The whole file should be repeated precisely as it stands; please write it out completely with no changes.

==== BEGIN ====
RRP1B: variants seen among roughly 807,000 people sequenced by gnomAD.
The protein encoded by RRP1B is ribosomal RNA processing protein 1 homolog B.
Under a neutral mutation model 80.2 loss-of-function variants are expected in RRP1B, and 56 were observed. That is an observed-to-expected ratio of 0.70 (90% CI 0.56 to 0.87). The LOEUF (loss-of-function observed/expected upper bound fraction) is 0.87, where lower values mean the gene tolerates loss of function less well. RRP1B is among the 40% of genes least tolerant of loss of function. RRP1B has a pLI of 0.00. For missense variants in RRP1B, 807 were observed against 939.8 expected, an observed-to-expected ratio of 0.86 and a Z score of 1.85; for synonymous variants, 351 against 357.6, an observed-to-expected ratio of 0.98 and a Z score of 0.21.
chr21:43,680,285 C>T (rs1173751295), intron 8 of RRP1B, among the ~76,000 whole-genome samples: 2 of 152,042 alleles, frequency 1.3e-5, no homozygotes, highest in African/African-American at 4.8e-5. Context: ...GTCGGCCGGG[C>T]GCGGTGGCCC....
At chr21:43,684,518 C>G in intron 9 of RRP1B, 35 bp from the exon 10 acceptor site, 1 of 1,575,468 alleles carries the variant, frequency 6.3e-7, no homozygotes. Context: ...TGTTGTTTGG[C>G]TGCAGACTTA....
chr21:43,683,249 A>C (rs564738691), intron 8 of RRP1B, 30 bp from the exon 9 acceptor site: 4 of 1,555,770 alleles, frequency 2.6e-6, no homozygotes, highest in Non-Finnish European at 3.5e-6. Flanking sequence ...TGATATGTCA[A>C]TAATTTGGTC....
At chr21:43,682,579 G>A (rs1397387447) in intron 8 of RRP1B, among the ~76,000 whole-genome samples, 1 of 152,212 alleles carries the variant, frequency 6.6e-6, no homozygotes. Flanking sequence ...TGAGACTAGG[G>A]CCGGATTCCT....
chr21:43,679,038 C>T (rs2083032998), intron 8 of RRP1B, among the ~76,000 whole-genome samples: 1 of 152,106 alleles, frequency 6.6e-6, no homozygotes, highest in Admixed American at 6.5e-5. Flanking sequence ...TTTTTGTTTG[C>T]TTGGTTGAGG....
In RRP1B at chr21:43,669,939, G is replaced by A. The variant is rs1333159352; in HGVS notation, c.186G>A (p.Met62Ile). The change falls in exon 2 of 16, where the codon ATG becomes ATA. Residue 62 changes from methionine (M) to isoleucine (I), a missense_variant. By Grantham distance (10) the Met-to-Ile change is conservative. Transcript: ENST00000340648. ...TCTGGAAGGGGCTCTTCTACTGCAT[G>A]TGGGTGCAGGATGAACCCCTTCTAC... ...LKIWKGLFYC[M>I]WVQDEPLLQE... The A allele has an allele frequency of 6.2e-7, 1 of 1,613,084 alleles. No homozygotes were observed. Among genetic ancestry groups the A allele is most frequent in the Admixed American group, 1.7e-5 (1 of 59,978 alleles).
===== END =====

RRP1B: variants seen among roughly 807,000 people sequenced by gnomAD.
The protein encoded by RRP1B is ribosomal RNA processing protein 1 homolog B.
Under a neutral mutation model 80.2 loss-of-function variants are expected in RRP1B, and 56 were observed. That is an observed-to-expected ratio of 0.70 (90% CI 0.56 to 0.87). The LOEUF (loss-of-function observed/expected upper bound fraction) is 0.87, where lower values mean the gene tolerates loss of function less well. RRP1B is among the 40% of genes least tolerant of loss of function. RRP1B has a pLI of 0.00. For missense variants in RRP1B, 807 were observed against 939.8 expected, an observed-to-expected ratio of 0.86 and a Z score of 1.85; for synonymous variants, 351 against 357.6, an observed-to-expected ratio of 0.98 and a Z score of 0.21.
chr21:43,680,285 C>T (rs1173751295), intron 8 of RRP1B, among the ~76,000 whole-genome samples: 2 of 152,042 alleles, frequency 1.3e-5, no homozygotes, highest in African/African-American at 4.8e-5. Context: ...GTCGGCCGGG[C>T]GCGGTGGCCC....
At chr21:43,684,518 C>G in intron 9 of RRP1B, 35 bp from the exon 10 acceptor site, 1 of 1,575,468 alleles carries the variant, frequency 6.3e-7, no homozygotes. Context: ...TGTTGTTTGG[C>G]TGCAGACTTA....
chr21:43,683,249 A>C (rs564738691), intron 8 of RRP1B, 30 bp from the exon 9 acceptor site: 4 of 1,555,770 alleles, frequency 2.6e-6, no homozygotes, highest in Non-Finnish European at 3.5e-6. Flanking sequence ...TGATATGTCA[A>C]TAATTTGGTC....
At chr21:43,682,579 G>A (rs1397387447) in intron 8 of RRP1B, among the ~76,000 whole-genome samples, 1 of 152,212 alleles carries the variant, frequency 6.6e-6, no homozygotes. Flanking sequence ...TGAGACTAGG[G>A]CCGGATTCCT....
chr21:43,679,038 C>T (rs2083032998), intron 8 of RRP1B, among the ~76,000 whole-genome samples: 1 of 152,106 alleles, frequency 6.6e-6, no homozygotes, highest in Admixed American at 6.5e-5. Flanking sequence ...TTTTTGTTTG[C>T]TTGGTTGAGG....
In RRP1B at chr21:43,669,939, G is replaced by A. The variant is rs1333159352; in HGVS notation, c.186G>A (p.Met62Ile). The change falls in exon 2 of 16, where the codon ATG becomes ATA. Residue 62 changes from methionine (M) to isoleucine (I), a missense_variant. By Grantham distance (10) the Met-to-Ile change is conservative. Transcript: ENST00000340648. ...TCTGGAAGGGGCTCTTCTACTGCAT[G>A]TGGGTGCAGGATGAACCCCTTCTAC... ...LKIWKGLFYC[M>I]WVQDEPLLQE... The A allele has an allele frequency of 6.2e-7, 1 of 1,613,084 alleles. No homozygotes were observed. Among genetic ancestry groups the A allele is most frequent in the Admixed American group, 1.7e-5 (1 of 59,978 alleles).